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Medicare Savings Program Offers Better Ways to Get Drug Benefits

Program picks up assistance dropped by state

woman, Connecticut Medicare Savings Plans

Helen Richardson, 76, of Stratford, was concerned when she had to switch from ConnPACE to the Medicare Savings Program. But the drug discount program offers better benefits and saves the state money. — Photo by Fiona Aboud

After two years as a beneficiary of ConnPACE, Connecticut's prescription drug assistance program for low- and moderate-income people, Helen Richardson got a letter telling her the program was ending. It instructed her to enroll in a Medicare Savings Program.

See also: Medicare and you: getting started.

"I was concerned," said Richardson, 76, of Stratford. She called the Southwestern Connecticut Agency on Aging and was told the Medicare Savings Program would be a satisfactory alternative.

About two years ago, in an effort to save money, the state gave ConnPACE enrollees the option of moving to the federally funded Medicare Savings Program. The program, which has three slightly different components, covers Medicare beneficiaries with monthly incomes of less than $2,260.92 for individuals and $3,052.74 for a couple. There is no asset test.

At the time, deciding whether to switch from ConnPACE to the Medicare Savings Program was voluntary, but lawmakers realized they could save money by closing ConnPACE for Medicare beneficiaries. AARP Connecticut supported the mandatory switch in July to the Medicare Savings Program because it provided greater benefits.

Better for beneficiaries

"It was better for the individual, and it saved so much money for the state," said Claudio Gualtieri, senior program specialist for AARP Connecticut.

"It didn't make sense to keep the two programs operating on parallel tracks," he said.

AARP Connecticut has encouraged current and future Medicare beneficiaries to learn whether they are eligible and enroll.

A key benefit is that the Medicare Savings Program pays for Medicare Part B premiums, representing a yearly savings of more than $1,000 to enrollees. In addition, all Medicare Savings Program participants are automatically eligible for the Medicare Part D drug program's Extra Help low-income subsidy, which assists with deductibles and copayments on prescriptions.

A major advantage of the Extra Help program is that it provides coverage when an individual falls into the "doughnut hole" — after total drug spending has reached $2,840 in 2011, and until out-of-pocket costs reach $4,550, at which point Part D provides coverage again.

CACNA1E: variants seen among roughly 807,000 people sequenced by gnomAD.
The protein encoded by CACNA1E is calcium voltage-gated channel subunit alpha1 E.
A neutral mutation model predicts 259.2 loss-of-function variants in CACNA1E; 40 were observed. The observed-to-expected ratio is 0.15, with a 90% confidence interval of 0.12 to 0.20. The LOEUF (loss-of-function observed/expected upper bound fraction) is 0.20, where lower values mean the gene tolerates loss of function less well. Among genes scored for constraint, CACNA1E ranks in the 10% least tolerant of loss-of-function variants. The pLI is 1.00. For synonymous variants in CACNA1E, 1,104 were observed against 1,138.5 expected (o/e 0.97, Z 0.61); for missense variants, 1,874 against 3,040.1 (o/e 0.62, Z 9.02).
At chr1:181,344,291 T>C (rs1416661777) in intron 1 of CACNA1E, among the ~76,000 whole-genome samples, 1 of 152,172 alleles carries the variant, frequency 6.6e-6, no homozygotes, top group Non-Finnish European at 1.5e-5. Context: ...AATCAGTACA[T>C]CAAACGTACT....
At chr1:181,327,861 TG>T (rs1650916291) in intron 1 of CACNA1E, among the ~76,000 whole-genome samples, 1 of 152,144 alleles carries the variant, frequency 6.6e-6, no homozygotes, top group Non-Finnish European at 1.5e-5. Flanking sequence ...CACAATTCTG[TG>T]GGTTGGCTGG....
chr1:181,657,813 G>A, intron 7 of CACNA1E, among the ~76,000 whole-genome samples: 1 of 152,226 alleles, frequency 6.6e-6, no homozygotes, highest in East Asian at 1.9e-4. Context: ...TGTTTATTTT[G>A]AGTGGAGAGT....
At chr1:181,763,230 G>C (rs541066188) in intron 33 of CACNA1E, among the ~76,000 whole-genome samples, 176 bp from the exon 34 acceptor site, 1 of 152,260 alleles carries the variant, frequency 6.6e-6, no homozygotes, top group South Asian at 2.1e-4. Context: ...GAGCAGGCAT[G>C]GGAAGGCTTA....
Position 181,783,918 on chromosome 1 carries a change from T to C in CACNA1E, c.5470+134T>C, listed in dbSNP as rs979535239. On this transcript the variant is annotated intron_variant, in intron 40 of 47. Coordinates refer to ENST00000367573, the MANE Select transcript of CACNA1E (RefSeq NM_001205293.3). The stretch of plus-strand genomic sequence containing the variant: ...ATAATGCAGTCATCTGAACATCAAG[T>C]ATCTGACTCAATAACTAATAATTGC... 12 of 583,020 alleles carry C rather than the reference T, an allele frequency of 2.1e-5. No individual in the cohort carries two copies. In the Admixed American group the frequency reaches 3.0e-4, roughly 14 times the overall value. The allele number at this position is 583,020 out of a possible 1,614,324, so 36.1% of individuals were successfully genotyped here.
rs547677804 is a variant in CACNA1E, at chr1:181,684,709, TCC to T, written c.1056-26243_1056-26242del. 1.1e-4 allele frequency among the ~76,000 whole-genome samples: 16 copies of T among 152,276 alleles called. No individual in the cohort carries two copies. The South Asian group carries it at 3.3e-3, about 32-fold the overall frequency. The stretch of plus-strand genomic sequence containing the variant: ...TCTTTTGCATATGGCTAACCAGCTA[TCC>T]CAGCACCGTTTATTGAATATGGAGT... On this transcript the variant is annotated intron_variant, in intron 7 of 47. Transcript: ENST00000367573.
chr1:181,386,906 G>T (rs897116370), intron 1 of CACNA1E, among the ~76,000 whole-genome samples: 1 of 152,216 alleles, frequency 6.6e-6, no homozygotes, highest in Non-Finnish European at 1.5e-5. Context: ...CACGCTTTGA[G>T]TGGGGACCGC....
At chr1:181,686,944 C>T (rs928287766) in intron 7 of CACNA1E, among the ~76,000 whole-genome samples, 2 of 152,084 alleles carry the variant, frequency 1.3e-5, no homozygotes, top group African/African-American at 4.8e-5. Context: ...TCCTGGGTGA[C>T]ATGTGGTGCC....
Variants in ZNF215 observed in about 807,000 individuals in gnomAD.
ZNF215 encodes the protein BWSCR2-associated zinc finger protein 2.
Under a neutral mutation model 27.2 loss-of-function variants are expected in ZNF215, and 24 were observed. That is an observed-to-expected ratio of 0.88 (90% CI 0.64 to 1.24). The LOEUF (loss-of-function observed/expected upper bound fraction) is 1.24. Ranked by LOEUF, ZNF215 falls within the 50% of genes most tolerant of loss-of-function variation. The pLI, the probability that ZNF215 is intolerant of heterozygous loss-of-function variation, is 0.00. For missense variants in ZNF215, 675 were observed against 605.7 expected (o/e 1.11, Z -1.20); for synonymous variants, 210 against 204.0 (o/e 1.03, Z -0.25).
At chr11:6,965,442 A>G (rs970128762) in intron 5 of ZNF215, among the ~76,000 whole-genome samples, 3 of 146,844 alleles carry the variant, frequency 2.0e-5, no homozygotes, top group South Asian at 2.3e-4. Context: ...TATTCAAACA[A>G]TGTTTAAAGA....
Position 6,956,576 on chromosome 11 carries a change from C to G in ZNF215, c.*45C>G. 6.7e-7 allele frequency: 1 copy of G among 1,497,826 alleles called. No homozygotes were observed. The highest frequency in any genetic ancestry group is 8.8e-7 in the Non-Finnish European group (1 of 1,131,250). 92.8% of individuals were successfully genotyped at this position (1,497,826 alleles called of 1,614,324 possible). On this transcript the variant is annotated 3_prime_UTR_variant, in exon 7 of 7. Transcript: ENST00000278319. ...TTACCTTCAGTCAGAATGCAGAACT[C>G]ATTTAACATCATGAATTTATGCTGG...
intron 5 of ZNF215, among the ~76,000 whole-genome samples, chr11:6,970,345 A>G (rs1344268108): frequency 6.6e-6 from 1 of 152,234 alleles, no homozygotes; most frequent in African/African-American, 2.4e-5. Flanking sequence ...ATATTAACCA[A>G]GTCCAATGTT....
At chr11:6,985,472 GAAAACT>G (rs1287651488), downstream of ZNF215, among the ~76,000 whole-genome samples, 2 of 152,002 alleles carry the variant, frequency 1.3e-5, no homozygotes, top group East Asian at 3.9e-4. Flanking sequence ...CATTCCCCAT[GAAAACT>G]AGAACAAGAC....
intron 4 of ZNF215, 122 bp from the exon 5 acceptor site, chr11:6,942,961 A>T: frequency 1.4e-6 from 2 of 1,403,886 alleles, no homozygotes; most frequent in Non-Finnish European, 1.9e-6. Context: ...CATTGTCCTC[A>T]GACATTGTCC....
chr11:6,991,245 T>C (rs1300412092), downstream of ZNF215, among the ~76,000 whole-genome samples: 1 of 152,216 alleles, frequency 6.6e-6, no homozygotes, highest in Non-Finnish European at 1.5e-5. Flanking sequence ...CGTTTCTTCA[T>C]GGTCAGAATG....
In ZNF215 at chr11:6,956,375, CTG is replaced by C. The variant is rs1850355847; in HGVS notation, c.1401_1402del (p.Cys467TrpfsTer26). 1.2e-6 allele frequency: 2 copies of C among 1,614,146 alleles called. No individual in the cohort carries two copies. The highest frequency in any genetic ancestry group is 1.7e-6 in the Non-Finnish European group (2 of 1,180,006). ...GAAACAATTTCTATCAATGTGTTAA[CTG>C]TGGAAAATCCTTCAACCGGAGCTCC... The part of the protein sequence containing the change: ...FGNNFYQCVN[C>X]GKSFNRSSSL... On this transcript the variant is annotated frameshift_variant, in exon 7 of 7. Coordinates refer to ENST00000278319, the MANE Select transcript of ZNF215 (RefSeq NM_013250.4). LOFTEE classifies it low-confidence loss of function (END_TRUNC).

During that period, the Extra Help program caps copays for prescription drugs at $6.30, a savings from the $16.25 copay previously required by ConnPACE.

'A wonderful thing'

The Medicare Savings Program "is a wonderful thing," said Nancy Krodel, deputy director for operations at Senior Resources Agency on Aging. "It really is helping people with quality-of-life issues."

The state Department of Social Services has launched an aggressive outreach effort to enroll former ConnPACE beneficiaries and make the process as seamless as possible and avoid service disruptions.

Though much downsized, ConnPACE won't disappear completely. There are still a very small number of ConnPACE recipients who are not enrolled in Medicare. Typically, these are disabled low-income adults under 65 who must wait two years after they are approved for disability benefits before receiving Medicare coverage. ConnPACE will continue to serve as their prescription drug assistance program during this period.

Just as ConnPACE beneficiaries had to reapply each year, Medicare Savings Program coverage isn't automatic; individuals must apply annually.

Medicare beneficiaries may apply to enroll in the Medicare Savings Program anytime. By law, the state has 45 days to process an application. For more information about the Medicare Savings Program, or to get an application, contact the CHOICES program through the Area Agencies on Aging at 1-800-994-9422.

Also of interest: Getting help to pay Part B premiums. >>

Jennifer Kaylin is a writer living in New Haven, Conn.

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